The next day our team split up. Half went to Mzuzu, the other half, including me, went to Lilongwe. We stopped at a church on our way. This was the first village church we visited. It took us about 45 minutes to reach after we had left the main paved road. At this church, the nearest water was about 2 miles away and it was surface water, which shouldn’t be drunken. There was no building at this church just an empty field. During service people had to keep getting up to run the goats off. At the end of this service, we gave a few gifts like a soccer ball, a hand-cranked flashlight, and harmonicas. Then we were off to the Kiboko Town Hotel.

The next day we visited the church where we would do our main mission work. Over the next few days, we gave blankets, food, and school supplies to orphans, and installed a cement floor which meant carrying water on our heads from a borehole about 3/4 mile away several times, lugging bags of cement, and hand mixing it.

Malawi is a relationship-based culture, which means they’d prefer to talk rather than work. At this church we met Violet, the orphans’ teacher. She told us how she became the teacher. She only went to high school and when God called her to go into the ministry of teaching kids, she was unsure of whether she could do it, but she decided to trust God and began teaching. Now, because of her, these orphans are learning math, writing, and English, which is necessary if the child ever plans on getting a job. Violet walked an hour every day to the school (we later presented her with a bike).

We met a 23 year old man named Steve. His parents had shipped him and his brothers from The Congo to Malawi to live with their grandmother. When Steve got a little older, he ended up with TB and in Malawi there is really no cure, you just lay in the hospital until you die. Well, Steve got up out of bed after he had been in the hospital for a while and said “God, you will heal me,” and he left the hospital. 3 days later he was completely healed. Steve is now going to a school in Tennessee, where he got a scholarship from. His brother, Kelly, was one of our translators. He told us about how his parents had made them leave to go to Malawi. He said that they didn’t realize that they were not going back to their parents. After their grandmother died, Steve was left to take care of the household. They often went hungry and sometimes were homeless. They haven’t seen their parents in 14 years and have a 12 year old sister they’ve never met . We tried to give comforting words as he told us this story, but her rejected it saying, “If all that hadn’t happened, I would not be here right now and this is where God wants me.” Kelly often helped us haggle in the market places and told us a lot about how Malawians live. Several times, Kelly would just disappear for a while. Later, we would find out he was talking to someone whom he knew had fallen away from church and was trying to get them to come back. He know 7 languages and was one of the top in academics in his school. He is now at Africa University in Zimbabwe. Both of these brothers are going back to Malawi to help their country with what they learn.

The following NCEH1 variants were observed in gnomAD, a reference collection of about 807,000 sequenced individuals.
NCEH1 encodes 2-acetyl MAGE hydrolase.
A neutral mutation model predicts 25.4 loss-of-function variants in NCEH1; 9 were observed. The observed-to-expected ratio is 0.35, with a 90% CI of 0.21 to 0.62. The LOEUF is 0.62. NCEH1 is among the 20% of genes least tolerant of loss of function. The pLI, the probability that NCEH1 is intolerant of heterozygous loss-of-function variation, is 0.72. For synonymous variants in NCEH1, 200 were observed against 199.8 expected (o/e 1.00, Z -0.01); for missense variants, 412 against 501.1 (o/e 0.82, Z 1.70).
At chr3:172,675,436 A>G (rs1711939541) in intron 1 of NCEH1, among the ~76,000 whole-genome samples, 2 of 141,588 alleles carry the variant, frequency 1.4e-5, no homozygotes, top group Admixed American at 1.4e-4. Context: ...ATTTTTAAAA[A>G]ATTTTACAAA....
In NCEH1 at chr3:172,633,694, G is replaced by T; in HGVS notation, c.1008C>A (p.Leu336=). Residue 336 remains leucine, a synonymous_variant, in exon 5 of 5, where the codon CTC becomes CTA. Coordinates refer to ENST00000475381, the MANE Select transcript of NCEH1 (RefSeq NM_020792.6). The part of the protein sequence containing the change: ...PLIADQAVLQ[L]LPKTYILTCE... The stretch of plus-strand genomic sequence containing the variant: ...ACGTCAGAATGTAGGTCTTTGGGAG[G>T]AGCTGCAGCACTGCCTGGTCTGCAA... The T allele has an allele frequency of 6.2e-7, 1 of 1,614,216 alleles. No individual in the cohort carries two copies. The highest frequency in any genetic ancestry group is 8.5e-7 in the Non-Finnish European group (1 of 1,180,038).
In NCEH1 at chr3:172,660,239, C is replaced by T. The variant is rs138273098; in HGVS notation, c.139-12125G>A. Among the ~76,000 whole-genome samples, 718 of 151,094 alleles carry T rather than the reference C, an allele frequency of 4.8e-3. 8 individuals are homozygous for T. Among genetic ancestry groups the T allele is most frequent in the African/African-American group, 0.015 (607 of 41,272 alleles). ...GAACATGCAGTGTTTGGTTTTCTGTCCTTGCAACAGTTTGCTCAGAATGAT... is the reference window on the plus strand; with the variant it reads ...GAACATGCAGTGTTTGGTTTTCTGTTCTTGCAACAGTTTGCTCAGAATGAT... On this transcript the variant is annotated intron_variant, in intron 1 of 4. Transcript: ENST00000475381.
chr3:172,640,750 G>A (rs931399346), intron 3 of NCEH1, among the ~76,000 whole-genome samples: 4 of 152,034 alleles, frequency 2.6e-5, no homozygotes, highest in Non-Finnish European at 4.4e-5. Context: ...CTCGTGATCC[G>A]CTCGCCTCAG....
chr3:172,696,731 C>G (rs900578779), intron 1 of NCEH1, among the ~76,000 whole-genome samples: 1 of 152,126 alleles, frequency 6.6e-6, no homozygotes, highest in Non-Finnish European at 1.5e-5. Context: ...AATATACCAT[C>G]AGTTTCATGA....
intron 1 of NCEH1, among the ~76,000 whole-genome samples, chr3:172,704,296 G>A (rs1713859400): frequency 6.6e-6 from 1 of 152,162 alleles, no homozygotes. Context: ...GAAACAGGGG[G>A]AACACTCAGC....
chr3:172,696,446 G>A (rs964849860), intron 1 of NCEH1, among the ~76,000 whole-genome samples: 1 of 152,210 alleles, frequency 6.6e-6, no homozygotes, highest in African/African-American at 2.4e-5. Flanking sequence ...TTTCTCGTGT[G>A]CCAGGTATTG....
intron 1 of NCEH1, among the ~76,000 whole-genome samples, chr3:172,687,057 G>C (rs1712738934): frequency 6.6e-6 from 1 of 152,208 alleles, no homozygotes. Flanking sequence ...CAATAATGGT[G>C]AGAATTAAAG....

Pastor Steve was another amazing person we met. He is the pastor at the church we put cement in at, St. Peters. He told a story of when he met a blind boy. The boy’s parents asked Pastor Steve to pray over him, so he did. A few days later, he visited the boy and his parents again and found out that the boy could see!

We heard many amazing stories while we were in Malawi. We couldn’t help compare ourselves with them. Their faith is so strong and yet they had so little. Our faith often falters under the slightest pressure. Although Malawi is financially suffering, they do not lack joy or faith.

Although we were on a mission trip, we were in Africa, which many of us may not get the chance to visit again. We went to Lake Malawi, which is very pretty. We watched a boat come in, piled with people from Mozambique. The boats often tip over in the middle of the lake. We visited the Dedza pottery factory, where they hand-make and hand-paint pottery. We also went on a safari. We saw monkeys, water bucks, impala, hippos, and even a few elephants.

During our trip we were faced with many difficult moments. We had several beggars come up to us and although we could give them money, it would do them little good because they were dying of AIDS. We gave orphans supplies, then found our that 5 of the 80 orphans there had AIDS and would die within the next 2 years. We were forced to be uncomfortable, pushed to our emotional limits in some cases, and yet not one of us would exchange that experience for anything. 22 missionaries went to Malawi to help, 22 missionaries returned with Malawi fire.